Afraid of the wrong things…

People in the United States (and perhaps most of the world, I’m not sure) expend a lot of energy on fear. Generally speaking they’re usually afraid of the wrong things. They fear things which are either trivial or unlikely to happen and simultaneously ignore many things that not only may harm them, but will harm them precisely because they pay too little attention to them.

Let’s take terrorism as an example. Most Americans (and now, thanks to bombings in Spain and Britain, probably most Europeans as well) are terrified of terrorism. The subject occupies a primary place in the news on a daily basis. And if you talk to anyone about the subject long enough they’re bound to tell you that they’ve never felt this unsettled and fearful of what the future might bring in their lives.

That’s not a sentiment I agree with at all. I don’t like the prospect of religious fanatics flying planes into buildings or setting off bombs on subway trains. That’s scary stuff. The thing is though, even with the relatively massive scale of the 9/11/01 attacks on New York and Washington these were still relatively petty operations carried out by folks who were generally more lucky (in terms of their success) than good at what they were doing. The reason I’m not wrapped up in fear that myself or someone I love might one day be a victim of one of these events is that I think I understand the scale and the odds and I’ve already been desensitized by spending my entire childhood and adolescence in abject terror of massive nuclear devastation as the result of conflict between the US and the Soviet Union.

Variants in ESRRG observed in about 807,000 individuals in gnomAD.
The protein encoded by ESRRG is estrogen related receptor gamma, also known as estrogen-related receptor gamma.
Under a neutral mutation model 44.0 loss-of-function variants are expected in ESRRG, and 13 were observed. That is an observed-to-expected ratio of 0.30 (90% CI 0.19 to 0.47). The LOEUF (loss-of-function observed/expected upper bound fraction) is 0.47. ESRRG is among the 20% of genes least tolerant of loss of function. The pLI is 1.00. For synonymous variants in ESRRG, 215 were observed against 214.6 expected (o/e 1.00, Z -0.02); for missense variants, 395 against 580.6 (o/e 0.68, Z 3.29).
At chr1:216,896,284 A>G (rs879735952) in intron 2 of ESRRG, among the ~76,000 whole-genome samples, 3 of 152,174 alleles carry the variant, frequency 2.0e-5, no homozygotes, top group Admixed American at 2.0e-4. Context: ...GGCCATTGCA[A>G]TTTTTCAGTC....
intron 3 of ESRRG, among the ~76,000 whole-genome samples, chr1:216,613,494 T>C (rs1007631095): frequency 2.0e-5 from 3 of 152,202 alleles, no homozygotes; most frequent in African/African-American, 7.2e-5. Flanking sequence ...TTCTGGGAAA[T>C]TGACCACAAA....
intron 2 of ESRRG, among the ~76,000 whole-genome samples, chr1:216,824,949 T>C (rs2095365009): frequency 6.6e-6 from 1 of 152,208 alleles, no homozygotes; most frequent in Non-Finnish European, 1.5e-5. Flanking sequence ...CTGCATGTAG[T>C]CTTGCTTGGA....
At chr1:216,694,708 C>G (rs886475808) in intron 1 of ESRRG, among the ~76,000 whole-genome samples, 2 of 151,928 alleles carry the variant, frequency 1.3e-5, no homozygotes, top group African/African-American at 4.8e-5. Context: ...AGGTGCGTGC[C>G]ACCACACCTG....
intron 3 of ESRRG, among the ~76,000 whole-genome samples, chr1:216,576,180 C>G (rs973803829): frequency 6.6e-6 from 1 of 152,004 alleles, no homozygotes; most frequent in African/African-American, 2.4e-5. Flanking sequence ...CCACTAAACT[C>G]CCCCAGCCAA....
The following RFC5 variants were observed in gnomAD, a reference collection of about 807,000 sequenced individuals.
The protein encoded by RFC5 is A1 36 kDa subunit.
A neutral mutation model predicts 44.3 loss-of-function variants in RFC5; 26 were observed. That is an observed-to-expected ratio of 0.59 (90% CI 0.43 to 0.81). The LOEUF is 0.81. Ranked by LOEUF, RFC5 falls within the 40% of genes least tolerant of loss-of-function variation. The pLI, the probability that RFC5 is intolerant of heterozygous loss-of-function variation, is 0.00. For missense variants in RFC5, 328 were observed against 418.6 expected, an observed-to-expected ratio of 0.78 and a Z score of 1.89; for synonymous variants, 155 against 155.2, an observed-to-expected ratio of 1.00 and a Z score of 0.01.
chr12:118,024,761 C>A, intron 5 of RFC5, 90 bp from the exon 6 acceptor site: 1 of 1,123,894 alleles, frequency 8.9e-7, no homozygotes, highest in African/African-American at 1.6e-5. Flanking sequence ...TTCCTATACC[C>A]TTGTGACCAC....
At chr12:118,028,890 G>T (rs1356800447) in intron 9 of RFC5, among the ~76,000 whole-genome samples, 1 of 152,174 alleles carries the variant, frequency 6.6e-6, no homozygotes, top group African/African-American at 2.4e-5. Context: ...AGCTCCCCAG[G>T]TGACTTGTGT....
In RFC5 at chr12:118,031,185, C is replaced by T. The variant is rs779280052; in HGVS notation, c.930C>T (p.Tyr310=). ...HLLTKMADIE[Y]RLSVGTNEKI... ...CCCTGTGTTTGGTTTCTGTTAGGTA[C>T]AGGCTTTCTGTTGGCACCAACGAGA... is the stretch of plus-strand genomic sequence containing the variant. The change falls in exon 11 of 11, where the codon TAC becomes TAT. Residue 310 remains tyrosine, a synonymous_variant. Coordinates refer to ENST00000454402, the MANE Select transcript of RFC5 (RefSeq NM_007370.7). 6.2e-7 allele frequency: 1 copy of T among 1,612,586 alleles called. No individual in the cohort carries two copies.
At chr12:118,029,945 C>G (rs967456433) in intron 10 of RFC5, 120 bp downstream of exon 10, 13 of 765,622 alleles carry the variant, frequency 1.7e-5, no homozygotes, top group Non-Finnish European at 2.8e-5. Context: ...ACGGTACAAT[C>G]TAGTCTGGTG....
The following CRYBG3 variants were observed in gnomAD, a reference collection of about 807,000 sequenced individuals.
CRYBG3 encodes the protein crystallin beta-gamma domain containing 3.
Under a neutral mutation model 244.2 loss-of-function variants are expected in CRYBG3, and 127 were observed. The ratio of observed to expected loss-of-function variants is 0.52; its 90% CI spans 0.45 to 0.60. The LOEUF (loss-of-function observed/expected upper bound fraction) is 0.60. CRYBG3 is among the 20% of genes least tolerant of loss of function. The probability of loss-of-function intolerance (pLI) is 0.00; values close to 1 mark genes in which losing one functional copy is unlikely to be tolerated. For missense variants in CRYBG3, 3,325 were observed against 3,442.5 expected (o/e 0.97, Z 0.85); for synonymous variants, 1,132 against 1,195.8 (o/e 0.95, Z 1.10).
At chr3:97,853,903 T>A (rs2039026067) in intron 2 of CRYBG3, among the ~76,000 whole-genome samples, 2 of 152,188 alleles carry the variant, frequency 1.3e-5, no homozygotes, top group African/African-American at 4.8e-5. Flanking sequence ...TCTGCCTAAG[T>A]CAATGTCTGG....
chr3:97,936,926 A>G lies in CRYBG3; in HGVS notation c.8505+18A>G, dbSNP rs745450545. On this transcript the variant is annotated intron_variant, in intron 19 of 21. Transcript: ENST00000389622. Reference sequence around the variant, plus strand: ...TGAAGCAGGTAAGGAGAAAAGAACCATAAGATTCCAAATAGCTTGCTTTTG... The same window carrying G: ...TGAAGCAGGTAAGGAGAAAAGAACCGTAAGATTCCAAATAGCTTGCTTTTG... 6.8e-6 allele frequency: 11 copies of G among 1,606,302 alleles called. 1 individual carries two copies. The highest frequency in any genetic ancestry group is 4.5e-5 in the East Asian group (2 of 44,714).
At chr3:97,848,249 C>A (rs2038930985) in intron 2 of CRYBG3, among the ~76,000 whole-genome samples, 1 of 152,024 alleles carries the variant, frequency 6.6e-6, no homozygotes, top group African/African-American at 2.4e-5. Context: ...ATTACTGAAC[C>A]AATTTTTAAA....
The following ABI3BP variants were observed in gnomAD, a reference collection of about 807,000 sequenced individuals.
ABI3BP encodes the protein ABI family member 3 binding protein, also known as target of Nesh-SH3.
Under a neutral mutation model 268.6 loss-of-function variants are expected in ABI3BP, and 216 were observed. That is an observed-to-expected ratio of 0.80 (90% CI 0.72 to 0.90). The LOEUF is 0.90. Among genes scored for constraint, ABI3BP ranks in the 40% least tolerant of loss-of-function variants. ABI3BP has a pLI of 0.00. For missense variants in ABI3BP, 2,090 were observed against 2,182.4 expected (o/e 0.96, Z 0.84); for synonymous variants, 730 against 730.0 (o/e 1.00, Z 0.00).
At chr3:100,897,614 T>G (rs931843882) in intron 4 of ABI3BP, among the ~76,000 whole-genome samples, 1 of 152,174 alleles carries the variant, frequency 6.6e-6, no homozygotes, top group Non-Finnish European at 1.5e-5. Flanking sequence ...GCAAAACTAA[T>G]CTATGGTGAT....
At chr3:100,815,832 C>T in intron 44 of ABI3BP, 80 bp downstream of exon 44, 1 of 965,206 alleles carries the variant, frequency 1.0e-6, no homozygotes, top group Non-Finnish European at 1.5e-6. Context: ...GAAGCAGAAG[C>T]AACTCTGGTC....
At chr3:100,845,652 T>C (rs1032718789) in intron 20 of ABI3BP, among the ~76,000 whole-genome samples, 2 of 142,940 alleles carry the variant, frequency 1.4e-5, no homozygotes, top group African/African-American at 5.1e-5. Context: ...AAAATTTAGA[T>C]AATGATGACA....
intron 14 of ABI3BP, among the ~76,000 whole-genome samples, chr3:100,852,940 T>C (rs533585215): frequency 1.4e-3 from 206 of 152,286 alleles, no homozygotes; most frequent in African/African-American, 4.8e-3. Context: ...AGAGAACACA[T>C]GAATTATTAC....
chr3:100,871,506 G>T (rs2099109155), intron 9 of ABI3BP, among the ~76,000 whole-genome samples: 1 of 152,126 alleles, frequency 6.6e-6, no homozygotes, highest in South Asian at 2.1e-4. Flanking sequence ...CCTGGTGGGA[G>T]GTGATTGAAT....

Here’s a section from an article by Charles Platt that ran yesterday on Boing Boing that sums up my feelings pretty darned well:

We have given up sitting around wondering what we will do if there’s a four-minute warning of armageddon. Instead, we have been induced to worry about primitive explosives in the hands of semi-literate fanatics who might kill perhaps a few thousand of us in tall buildings or a few dozen of us in public transit systems. Such numbers are utterly trivial compared with the mass annihilation that seemed plausible and imminent during the 1950s and 1960s. They are small even by comparison with highway traffic fatalities, yet the anxiety induced by the possibility of domestic terrorism has become comparable with bygone fears of communism. This makes no sense at all, but fears are seldom rational, especially when they are manipulated by elected representatives who somehow continue to command some trust and respect.

If you are so inclined I highly recommend you read the entire article. If you really want to frighten yourself you can note the section wherein he catalogs the real rationale for the continued popularity of war – it’s a function of old men sending the young men off to die so the old men can have all the young women to themselves.

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